To be fit for purpose today, a good communication team will need to be multidisciplinary and agile, including roles for videographers, animators, creative technology experts, AI-enabled SEO experts, UX designers, social media experts and writers, among others – covering essential verbal and non-verbal communication skills.

The future of search

Not only will the way content is created change but so will the way people find it or, perhaps more accurately, how it is found for them. AI is set to profoundly change how users search the internet, with greater AI-powered personalisation and innovations such as Google’s Bidirectional Encoder Representations from Transformers (BERT), which can interpret nuances in verbal communication much more accurately than currently, meaning people can use more informal, conversational language and expect to receive more accurate search results. This transcends the current capabilities of AI-driven voice assistants such as Alexa, Siri and Google Assistant.

Users are not confined to only words for search, of course, and the use of visual search is also set to expand at pace as AI becomes more intuitive. AI-informed search results are going to be more tailored and personalised for each user, and their likes and dislikes, than ever before, as these new engines trawl our search histories and online behaviours for patterns and preferences. For users, this improves their experience and allows them to find the information, product or service they need quickly and easily. For companies which are already contending with algorithm changes and an online space flooded with content, however, not optimising their content strategy for this new reality risks them losing significant traffic and, ultimately, revenue. An effective communication team today will keep up to date with, and integrate into their work, the latest changes in search engine ranking.

Algorithm changes and the power of AI to understand the context of a search term and the user's motivations for using it means that Search Engine Optimisation (SEO) will shift further towards optimising for relevance and capturing each person's individual preferences. Strategically placing keywords will remain important, but it is no longer enough to keyword stuff a piece and expect a good search engine ranking, creativity in written communication and a deep understanding of the audience is how content will stand out from the crowd on increasingly flooded online platforms. In this landscape, non-verbal communication skills such as active listening skills, emotional intelligence and other interpersonal skills take on more significance, especially as businesses compete against solely AI-generated content and try to stand out in a saturated online space.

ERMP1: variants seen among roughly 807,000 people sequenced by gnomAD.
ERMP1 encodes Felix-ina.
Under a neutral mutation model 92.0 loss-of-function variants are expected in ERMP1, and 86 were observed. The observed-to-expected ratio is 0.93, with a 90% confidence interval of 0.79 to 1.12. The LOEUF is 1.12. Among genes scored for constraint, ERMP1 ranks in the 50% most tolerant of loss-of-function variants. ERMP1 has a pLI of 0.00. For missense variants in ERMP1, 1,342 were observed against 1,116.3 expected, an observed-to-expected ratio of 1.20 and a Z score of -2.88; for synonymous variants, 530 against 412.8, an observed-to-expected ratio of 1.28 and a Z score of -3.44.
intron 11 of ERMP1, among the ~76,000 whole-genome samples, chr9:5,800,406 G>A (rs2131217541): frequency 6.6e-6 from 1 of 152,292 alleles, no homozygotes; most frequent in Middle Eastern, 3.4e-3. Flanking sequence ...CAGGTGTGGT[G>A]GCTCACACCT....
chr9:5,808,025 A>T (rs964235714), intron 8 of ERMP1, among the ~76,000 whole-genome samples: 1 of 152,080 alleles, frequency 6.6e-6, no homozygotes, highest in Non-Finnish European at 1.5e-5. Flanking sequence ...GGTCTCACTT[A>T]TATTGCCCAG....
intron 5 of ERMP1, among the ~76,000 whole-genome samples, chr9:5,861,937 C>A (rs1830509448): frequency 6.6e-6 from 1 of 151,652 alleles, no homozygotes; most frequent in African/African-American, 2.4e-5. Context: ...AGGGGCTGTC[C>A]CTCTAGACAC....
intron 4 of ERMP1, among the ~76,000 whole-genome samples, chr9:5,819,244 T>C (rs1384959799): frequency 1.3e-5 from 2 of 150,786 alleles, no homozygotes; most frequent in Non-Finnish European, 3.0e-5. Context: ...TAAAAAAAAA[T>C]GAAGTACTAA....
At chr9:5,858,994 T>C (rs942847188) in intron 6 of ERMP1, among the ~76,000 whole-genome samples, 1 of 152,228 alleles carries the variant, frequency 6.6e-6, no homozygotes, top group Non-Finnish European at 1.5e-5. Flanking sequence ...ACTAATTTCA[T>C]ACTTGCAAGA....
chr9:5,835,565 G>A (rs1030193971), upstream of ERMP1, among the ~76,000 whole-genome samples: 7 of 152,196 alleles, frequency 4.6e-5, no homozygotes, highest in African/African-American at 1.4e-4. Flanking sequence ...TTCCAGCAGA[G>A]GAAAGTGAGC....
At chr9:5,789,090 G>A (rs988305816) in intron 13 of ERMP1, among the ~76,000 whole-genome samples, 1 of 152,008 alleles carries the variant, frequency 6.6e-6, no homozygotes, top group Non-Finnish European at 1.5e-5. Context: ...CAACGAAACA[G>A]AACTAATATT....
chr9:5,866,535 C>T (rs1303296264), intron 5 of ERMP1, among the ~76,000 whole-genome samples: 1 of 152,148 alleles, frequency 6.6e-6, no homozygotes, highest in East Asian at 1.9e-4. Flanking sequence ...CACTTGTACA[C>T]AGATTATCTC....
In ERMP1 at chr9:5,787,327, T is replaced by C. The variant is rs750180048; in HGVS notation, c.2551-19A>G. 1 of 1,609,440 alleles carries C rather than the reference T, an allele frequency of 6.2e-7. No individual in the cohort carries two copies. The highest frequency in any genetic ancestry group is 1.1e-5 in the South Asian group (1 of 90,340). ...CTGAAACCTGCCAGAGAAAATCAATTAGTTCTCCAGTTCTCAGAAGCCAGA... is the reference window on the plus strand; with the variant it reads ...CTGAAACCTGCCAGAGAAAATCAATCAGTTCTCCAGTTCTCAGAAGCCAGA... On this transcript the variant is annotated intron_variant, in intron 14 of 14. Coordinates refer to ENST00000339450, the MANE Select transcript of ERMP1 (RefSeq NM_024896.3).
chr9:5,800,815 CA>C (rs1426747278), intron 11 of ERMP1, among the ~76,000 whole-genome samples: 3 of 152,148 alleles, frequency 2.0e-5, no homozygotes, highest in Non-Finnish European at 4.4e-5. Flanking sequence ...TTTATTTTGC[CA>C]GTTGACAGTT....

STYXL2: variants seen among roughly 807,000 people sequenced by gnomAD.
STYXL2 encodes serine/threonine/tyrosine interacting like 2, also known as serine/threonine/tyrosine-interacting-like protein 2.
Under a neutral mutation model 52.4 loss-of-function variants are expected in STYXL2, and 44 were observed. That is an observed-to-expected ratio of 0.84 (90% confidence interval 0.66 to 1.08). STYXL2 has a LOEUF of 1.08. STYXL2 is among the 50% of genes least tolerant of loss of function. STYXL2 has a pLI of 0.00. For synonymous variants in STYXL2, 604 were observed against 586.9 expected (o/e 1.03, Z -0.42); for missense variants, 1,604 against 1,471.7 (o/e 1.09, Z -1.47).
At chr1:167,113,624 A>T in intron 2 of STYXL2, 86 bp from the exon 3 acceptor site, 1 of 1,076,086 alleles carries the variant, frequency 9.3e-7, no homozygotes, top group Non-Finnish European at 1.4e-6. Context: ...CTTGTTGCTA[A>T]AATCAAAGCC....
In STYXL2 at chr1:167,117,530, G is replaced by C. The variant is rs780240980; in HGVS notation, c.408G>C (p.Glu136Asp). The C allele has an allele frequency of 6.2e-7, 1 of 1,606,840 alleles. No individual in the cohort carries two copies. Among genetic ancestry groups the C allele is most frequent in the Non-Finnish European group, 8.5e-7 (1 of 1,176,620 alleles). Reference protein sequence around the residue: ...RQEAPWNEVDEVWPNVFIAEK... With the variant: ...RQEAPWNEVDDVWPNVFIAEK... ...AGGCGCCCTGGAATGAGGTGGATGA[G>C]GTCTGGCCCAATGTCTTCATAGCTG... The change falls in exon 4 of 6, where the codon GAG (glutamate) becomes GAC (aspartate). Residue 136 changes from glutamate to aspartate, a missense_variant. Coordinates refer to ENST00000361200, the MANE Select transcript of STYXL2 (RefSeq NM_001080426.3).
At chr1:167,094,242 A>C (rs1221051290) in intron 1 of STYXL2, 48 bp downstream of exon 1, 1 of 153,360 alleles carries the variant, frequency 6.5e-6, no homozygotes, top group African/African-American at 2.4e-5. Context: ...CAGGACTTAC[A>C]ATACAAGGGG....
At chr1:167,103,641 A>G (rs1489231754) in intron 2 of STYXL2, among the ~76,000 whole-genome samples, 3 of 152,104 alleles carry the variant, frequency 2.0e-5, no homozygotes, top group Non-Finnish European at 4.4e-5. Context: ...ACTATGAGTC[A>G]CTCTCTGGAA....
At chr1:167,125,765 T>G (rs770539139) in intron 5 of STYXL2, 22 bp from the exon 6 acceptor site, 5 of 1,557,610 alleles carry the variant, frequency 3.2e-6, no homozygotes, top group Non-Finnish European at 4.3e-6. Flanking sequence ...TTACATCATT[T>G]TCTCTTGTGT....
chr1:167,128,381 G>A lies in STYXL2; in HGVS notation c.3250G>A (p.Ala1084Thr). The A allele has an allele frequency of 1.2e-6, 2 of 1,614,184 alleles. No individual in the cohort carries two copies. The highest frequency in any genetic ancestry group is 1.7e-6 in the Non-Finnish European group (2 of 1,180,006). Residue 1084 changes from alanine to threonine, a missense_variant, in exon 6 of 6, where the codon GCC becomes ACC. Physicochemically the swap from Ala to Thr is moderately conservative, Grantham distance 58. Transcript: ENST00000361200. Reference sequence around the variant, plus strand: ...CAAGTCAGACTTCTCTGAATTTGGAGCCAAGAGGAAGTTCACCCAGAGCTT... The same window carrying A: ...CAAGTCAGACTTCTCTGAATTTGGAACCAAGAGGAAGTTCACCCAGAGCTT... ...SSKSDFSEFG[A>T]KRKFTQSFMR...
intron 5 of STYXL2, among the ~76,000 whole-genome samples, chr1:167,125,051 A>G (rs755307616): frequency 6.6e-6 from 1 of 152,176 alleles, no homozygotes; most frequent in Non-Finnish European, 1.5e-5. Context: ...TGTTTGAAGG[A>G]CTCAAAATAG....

Initially, when AI emerged, there were valid concerns about the potential of low-quality content flooding platforms. However, it has become increasingly evident that the significance of content quality is paramount, now more than ever, and search is likely to focus more and more on quality over quantity as AI becomes more intuitive. This shift is particularly important considering search engines evolving to prioritise relevance and the overall quality of the content presented to users, above keyword density or other metrics.

Strong communication today

As communication teams navigate the evolving digital landscape, the integration of AI brings both opportunities and challenges. With technology reshaping the way content is created and consumed, good communicators must adapt and embrace AI as a tool for innovation, while upholding the principles of effective communication. The interplay between human creativity and machine intelligence presents new opportunities for engaging audiences and delivering impactful messages across various platforms.

Benefitting from this intersection requires a proactive approach and staying informed of the latest technological advancements, understanding the legal frameworks that govern AI utilisation in communication and being tuned-in to the ever-evolving preferences of audiences. By cultivating this awareness and readiness to embrace change, communication teams position themselves to not just survive but thrive in the constantly advancing landscape of digital communication.

Far from AI negating the need for exclusively human traits such as emotional intelligence, empathy, interpersonal skills and listening skills in the creative process, its advancement make these more important than ever as the explosion in AI-generated content will mean quality matters more to users/customers, search engines, and for the companies vying for rankings and traffic. Those teams with good communication skills that engage impactfully with diverse audiences with shifting demands, as well as the technical knowledge to take advantage of AI's opportunities, are set to be most effective in today’s ever-evolving online space.

To find out how the right combination of AI and communication skills can support your next campaign, email hello@wardour.co.uk.